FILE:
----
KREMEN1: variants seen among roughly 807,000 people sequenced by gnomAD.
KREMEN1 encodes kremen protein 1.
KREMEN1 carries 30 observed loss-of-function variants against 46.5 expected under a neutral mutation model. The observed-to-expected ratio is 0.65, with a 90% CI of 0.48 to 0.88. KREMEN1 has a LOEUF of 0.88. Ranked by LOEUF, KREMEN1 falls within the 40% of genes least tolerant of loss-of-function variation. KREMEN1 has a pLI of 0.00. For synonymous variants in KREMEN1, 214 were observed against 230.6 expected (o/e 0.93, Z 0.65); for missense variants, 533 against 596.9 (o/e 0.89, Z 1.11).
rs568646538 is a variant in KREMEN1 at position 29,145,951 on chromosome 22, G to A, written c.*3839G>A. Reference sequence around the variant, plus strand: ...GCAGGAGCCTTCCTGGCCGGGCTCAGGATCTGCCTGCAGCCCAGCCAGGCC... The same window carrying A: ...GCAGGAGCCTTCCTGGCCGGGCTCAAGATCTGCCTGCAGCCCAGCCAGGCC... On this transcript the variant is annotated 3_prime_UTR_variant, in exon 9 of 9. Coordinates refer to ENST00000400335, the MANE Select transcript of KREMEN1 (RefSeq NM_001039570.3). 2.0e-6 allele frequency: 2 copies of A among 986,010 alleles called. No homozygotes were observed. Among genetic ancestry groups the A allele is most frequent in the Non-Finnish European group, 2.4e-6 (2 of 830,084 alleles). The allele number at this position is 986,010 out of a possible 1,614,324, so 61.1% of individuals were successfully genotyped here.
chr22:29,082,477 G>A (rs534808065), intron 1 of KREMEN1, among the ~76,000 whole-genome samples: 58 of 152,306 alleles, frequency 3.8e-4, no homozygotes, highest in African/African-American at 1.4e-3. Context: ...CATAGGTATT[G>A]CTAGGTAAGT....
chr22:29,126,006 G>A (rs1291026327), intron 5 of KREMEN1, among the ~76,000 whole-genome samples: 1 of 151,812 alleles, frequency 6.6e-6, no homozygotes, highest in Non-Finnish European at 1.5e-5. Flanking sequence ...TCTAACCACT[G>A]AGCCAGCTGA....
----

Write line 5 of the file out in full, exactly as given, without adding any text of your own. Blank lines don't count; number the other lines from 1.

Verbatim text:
chr22:29,082,477 G>A (rs534808065), intron 1 of KREMEN1, among the ~76,000 whole-genome samples: 58 of 152,306 alleles, frequency 3.8e-4, no homozygotes, highest in African/African-American at 1.4e-3. Context: ...CATAGGTATT[G>A]CTAGGTAAGT....